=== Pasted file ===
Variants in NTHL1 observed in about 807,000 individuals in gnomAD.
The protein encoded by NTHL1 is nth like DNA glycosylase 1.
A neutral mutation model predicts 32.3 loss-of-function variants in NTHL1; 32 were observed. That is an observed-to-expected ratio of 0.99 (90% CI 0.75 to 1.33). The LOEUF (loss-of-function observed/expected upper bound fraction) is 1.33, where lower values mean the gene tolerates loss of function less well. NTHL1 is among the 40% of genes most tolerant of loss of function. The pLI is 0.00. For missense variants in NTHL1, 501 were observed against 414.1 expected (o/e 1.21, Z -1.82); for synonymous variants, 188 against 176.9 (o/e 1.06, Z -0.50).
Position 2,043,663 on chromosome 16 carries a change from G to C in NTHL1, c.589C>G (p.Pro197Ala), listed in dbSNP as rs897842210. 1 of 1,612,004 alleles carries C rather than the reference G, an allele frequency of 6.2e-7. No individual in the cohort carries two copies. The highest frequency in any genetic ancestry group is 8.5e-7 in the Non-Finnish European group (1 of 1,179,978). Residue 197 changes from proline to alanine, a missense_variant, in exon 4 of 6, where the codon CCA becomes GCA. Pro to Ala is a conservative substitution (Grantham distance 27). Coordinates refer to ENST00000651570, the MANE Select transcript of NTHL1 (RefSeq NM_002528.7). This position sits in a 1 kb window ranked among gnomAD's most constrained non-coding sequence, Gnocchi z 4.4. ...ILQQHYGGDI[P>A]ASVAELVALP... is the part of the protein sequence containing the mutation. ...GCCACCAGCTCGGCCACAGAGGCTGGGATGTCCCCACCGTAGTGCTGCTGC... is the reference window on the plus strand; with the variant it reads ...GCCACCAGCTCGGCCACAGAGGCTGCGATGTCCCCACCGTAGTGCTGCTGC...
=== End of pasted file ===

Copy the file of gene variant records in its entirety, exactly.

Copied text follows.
Variants in NTHL1 observed in about 807,000 individuals in gnomAD.
The protein encoded by NTHL1 is nth like DNA glycosylase 1.
A neutral mutation model predicts 32.3 loss-of-function variants in NTHL1; 32 were observed. That is an observed-to-expected ratio of 0.99 (90% CI 0.75 to 1.33). The LOEUF (loss-of-function observed/expected upper bound fraction) is 1.33, where lower values mean the gene tolerates loss of function less well. NTHL1 is among the 40% of genes most tolerant of loss of function. The pLI is 0.00. For missense variants in NTHL1, 501 were observed against 414.1 expected (o/e 1.21, Z -1.82); for synonymous variants, 188 against 176.9 (o/e 1.06, Z -0.50).
Position 2,043,663 on chromosome 16 carries a change from G to C in NTHL1, c.589C>G (p.Pro197Ala), listed in dbSNP as rs897842210. 1 of 1,612,004 alleles carries C rather than the reference G, an allele frequency of 6.2e-7. No individual in the cohort carries two copies. The highest frequency in any genetic ancestry group is 8.5e-7 in the Non-Finnish European group (1 of 1,179,978). Residue 197 changes from proline to alanine, a missense_variant, in exon 4 of 6, where the codon CCA becomes GCA. Pro to Ala is a conservative substitution (Grantham distance 27). Coordinates refer to ENST00000651570, the MANE Select transcript of NTHL1 (RefSeq NM_002528.7). This position sits in a 1 kb window ranked among gnomAD's most constrained non-coding sequence, Gnocchi z 4.4. ...ILQQHYGGDI[P>A]ASVAELVALP... is the part of the protein sequence containing the mutation. ...GCCACCAGCTCGGCCACAGAGGCTGGGATGTCCCCACCGTAGTGCTGCTGC... is the reference window on the plus strand; with the variant it reads ...GCCACCAGCTCGGCCACAGAGGCTGCGATGTCCCCACCGTAGTGCTGCTGC...